Maze Row Wines Dreams Jermann

Wines to try in the summer months

From lighter to weightier, John Irwin’s guide to the wines to experience from the Maze Row portfolio that will ignite a new love affair with wine

As a matter of course, my work with Maze Row involves a lot of hosting; industry lunches and wine dinners, with the occasional and (thankfully) dwindling virtual session. I consider it a perk of the job to meet strangers around a table that’s been dotted with wine. It’s a rare and precious thing, really; a group of people, all with different backgrounds and experiences, talking about “this wine with this food at this moment

It is like we’re all standing in front of little pieces of art, and through our admiration, our criticism, and our attempts to put language to feeling, we get to share ourselves in this unusual and authentic way.

But, If I’m being completely honest, as much as I love chatting about the “art” of wine with colleagues and collectors, it can occasionally get a bit, well, umm, pedantic (I maintain that wine is like jazz; there’s no way to talk about it at a party and not sound awful). And so, sometimes the best conversations I have are at events where I meet people that are just more “new” to wine. It’s more pure, in a way. 

To them, wine is not this quotidian luxury; it is an object of fascination, often just out of reach. They want to understand wine, but there’s also this understandable skepticism of us wonks who talk about things like structure, minerality, and crunchy fruit.  So, they try to cut through all the language and just get right to it, asking me, point blank: “What’s your favorite wine?”

I get that question. All. The. Time. 

And my response is always the same: “Clutch my pearls! My favorite wine? Why, I never!”

After I’ve been fanned back to consciousness, I explain further: that it is impossible to pick. Wine is subjective to your experience, the moment and, most of all, the food in front of you. The guest, of course, rolls their eyes and suspects this is another instance of wine people attempting to trump up their profession through caginess. And, so, I parry with a simple statement: “But, if I could only drink one thing for the rest of my life, it would be white wine.”

This answer tends to grab people. Most (at least in the US where I live) have been convinced that the apex of great wine is solely the domain of Big Reds, so I enjoy being ever-so-slightly-transgressive to capture their attention and maybe shift their lens. And yes, sure, I love Barolo and Brunello and Bordeaux. But, let’s be honest, I’m not eating boar ragú every night (doctor’s orders). So, for sheer versatility, it’s all about whites, and this is doubly true in the summer months, when fresh produce beckons for wines with nuance, and the hot days beg for something chilled*.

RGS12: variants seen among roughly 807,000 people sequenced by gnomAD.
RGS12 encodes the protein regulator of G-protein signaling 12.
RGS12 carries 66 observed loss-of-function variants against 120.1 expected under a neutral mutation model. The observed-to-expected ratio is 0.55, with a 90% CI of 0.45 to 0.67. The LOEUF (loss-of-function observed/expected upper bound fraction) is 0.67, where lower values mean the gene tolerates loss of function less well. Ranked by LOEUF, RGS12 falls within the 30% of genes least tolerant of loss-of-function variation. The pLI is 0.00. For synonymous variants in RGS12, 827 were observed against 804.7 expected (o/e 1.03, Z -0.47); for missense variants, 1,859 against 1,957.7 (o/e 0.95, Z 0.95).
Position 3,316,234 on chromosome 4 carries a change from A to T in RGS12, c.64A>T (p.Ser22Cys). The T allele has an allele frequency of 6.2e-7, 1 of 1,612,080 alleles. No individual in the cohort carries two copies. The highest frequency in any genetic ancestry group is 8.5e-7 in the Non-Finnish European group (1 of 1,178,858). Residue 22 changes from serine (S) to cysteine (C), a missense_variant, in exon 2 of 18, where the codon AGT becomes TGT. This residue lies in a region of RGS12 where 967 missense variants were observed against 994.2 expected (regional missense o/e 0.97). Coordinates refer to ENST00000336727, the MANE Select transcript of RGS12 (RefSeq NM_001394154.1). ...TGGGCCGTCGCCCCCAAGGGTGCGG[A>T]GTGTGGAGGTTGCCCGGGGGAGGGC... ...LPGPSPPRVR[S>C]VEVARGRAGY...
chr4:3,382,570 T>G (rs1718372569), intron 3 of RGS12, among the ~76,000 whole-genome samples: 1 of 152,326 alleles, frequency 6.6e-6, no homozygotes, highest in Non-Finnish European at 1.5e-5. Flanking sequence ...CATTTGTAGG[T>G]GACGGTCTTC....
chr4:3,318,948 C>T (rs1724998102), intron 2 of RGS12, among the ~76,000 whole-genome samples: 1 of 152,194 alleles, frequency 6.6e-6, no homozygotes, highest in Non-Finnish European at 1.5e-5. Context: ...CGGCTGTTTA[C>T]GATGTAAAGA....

So, below I’ve listed a few of my favorites from the Maze Row portfolio, in order from “lighter” to “weightier” to kick off your summer… and maybe, just maybe, a new love affair with wine, not based on high-minded conceptualism, but rather simple pleasures, shared:

A new love affair with wine, not based on high-minded conceptualism, but rather simple pleasures, shared.”
Wines to drink this summer Maze Row

JERMANN ‘VINNAE’ RIBOLLA GIALLA 2021 (12.5% alc.) $40

Italian white wines are incredible values, but the astounding quantity of native grape varieties can get confusing. Start with this grape that’s indigenous to Friuli, located in Italy’s northeastern corner. Jermann’s bottling of Ribolla Gialla is fresh, bright, and bursting with white flowers. While the wine works nicely as an aperitif, the refreshing acidity of the wine perfectly offsets the tangy richness of sausage just off the grill (it’s also great with potato chips).

Pieropan La Rocca Wines to Drink this summer

PIEROPAN ‘LA ROCCA’ 2020 (13.0% alc.) $50

Pieropan’s varietal bottling of the native grape of Garganega (“Gahr-GAH-neh-gah”) comes from a single vineyard overlooking the picturesque medieval village of Soave in Italy’s Veneto region. The clay soils and south-facing slopes give the wine aromas of tropical fruits like mango and pineapple alongside aromatic flowers and ginger. But, it’s the texture of the wine that makes it special; somehow both lithe and broad, it manages to feel powerful but never heavy; a great partner for risotto, poultry, and grilled vegetables. Oh, and, the wine ages beautifully, so maybe buy a bottle for next summer, too.

Jermann Dreams Maze Row Wines

JERMANN ‘DREAMS’ 2020 (13.5% alc.) $75

This culty bottling of Chardonnay from Friuli is rich with golden apple and warm spice notes. But - and this is crucial - the wine doesn’t undergo malolactic fermentation (which many makers of Chardonnay will use to tame acid and bring out a certain buttery flavor). Because of this, Jermann’s bottling maintains this wonderful vertical freshness that offsets an otherwise creamy and supple wine. Pair it with a Lobster Roll after a day at the beach and let the gods of summer smile down upon you.

Etna Bianco Maze Row Wines

TORNATORE ETNA BIANCO 2021 (12.5% alc.) $35

This white wine from Sicily captures the Mediterranean coast with aromas of oyster shell and savory herbs. You can smell the salinity (seriously) that carries all the way through to its finish, making it an excellent complement to, well, oysters. But the wine also has a slight natural viscosity that allows it to harmonize with something like, say, an olive-oil-poached-Branzino with capers.

*A note about putting ice in wine - another question I, somewhat surprisingly, get a lot: I’m generally against it since the ice-melt waters down the flavors. But, if it comes down to a wine that’s served too hot versus a wine that’s a bit watered down? I’ll take a side of ice with my glass of wine, thank you very much.

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